The pensions expert attacked the Bank of England”s monetary policy, claiming Carney”s decision to reduce interest rates has ravaged the pockets of savers and pensioners.
Talking on Newsnight, Baroness Altmann: “I do feel that this policy of continually pushing interest rates down, printing new money to buy Government bonds, has ignored very damaging side effects that that policy itself has.
“It”s one thing trying to introduce an emergency experiment when we were facing some kind of depression, as we seemed possibly to be around 2008-2009.
“But this policy is still going on now where we have record levels of employment, record jobs, we do have growth, and therefore you have to ask yourself “is this really the right way to be running policy?’, especially when much of the impact is now hurting significant groups in the economy.”
She pointed out that savers, pensioners and small businesses have been hit the most by the current policy.
The 60-year-old added that the low interest rates imposed by the Bank of England could have a deflationary effect on the economy – claiming Carney”s policy was making rich people richer while the poor are getting poorer.
Baroness Altmann added: “One of the intentions of quantity easing is to push up asset prices, including house prices.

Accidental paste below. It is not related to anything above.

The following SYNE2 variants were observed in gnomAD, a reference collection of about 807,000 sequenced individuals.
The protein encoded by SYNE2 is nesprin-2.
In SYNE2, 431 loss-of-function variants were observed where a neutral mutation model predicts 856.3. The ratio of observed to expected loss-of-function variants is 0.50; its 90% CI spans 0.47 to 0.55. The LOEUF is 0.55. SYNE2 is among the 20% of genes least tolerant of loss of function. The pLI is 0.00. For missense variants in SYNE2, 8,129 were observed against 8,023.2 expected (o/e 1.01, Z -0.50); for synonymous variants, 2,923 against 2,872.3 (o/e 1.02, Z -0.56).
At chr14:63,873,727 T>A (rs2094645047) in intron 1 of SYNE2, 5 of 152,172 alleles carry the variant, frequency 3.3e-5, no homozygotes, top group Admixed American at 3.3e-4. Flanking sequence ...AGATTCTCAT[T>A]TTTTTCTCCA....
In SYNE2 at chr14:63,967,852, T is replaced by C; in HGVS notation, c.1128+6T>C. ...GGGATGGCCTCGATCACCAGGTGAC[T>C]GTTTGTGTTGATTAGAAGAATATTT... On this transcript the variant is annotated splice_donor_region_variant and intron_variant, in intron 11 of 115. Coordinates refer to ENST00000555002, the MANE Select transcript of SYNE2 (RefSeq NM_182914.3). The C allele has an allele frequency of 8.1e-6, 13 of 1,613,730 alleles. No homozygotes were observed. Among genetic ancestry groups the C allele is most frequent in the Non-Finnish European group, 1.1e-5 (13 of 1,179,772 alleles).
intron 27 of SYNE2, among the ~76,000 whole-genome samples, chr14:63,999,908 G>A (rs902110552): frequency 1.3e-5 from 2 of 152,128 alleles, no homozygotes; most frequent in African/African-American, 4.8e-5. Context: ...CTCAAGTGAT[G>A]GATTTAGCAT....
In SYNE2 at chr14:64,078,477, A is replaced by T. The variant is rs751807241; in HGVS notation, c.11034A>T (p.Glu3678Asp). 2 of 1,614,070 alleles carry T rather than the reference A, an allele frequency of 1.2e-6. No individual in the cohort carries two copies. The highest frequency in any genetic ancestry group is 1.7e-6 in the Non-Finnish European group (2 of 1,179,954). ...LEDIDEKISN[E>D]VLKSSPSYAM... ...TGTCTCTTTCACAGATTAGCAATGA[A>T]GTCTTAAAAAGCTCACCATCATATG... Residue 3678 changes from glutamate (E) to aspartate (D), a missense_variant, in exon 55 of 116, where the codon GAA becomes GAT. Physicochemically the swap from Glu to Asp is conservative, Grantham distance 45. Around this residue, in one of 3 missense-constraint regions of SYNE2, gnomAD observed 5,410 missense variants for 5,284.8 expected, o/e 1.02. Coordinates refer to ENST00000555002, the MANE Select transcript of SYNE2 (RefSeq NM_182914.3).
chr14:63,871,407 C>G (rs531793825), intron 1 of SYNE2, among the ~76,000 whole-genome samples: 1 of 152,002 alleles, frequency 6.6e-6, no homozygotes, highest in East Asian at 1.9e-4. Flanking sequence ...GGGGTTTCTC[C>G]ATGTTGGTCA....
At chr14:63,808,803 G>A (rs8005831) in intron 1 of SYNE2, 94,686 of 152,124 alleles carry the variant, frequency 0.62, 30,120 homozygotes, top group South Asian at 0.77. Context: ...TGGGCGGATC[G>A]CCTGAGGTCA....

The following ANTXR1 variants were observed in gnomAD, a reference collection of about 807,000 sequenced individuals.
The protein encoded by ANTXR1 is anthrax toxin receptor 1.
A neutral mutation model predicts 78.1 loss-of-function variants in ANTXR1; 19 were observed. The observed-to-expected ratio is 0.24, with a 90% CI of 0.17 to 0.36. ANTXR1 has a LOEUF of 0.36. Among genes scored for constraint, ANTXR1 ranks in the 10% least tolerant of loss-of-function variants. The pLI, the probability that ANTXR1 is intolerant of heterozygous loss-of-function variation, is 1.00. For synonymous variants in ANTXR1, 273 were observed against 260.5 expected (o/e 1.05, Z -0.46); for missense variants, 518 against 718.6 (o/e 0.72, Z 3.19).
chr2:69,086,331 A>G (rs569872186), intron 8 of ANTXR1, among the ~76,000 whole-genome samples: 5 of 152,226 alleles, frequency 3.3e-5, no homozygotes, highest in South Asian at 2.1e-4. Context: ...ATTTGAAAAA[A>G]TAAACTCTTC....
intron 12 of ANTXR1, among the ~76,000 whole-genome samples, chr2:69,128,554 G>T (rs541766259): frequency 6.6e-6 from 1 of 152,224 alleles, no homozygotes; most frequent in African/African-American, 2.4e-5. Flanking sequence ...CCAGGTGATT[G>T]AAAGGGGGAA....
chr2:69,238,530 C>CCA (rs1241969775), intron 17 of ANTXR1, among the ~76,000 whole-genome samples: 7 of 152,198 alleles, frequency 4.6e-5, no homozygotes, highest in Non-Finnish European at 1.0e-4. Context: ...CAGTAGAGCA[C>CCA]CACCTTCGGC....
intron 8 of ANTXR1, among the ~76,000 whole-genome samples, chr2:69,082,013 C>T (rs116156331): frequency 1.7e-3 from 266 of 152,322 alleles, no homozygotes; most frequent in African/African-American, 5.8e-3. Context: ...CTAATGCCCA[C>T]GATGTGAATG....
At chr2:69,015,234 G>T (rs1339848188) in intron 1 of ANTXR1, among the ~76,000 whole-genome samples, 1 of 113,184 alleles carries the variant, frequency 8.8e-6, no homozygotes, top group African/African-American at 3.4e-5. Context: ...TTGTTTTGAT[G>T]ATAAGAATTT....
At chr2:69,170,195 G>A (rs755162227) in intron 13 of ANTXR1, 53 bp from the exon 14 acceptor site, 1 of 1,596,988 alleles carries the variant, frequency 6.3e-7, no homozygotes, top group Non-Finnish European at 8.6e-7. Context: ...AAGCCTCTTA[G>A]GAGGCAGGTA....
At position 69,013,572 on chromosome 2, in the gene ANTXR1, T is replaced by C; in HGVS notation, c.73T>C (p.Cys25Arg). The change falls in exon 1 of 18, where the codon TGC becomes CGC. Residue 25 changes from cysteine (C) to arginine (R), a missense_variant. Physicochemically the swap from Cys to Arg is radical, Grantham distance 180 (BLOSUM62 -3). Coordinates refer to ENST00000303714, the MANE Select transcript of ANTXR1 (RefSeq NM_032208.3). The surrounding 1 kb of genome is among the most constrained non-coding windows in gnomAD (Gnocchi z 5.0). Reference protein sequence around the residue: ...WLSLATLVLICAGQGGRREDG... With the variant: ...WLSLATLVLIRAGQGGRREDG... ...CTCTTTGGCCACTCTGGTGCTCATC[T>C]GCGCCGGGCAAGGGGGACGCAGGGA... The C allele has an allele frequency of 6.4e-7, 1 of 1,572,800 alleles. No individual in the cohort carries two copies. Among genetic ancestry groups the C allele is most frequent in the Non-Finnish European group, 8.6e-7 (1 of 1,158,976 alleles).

“But housing wealth is very unevenly distributed. Young people can”t get on the housing ladder, and it costs more to rent the house.”
Her scathing attack on Carney”s monetary policy echoed former Tory leader William Hague”s comments published in the Telegraph, where he argued that central banks cutting interest rates across the world was helping to produce “very dangerous side effects”.
However technocrat Adam Posen, who was part of the Bank of England monetary policy committee from 2009-2012, defended Carney”s choice of policy – stating the Government has numerous ways to influence the economy.
Posen said: “It”s not that the central banks have lost the plot, it”s we have moved from Henry IIII to Henry V.
“There is supposed to be a new central character, with central banks merely in a supporting role now.”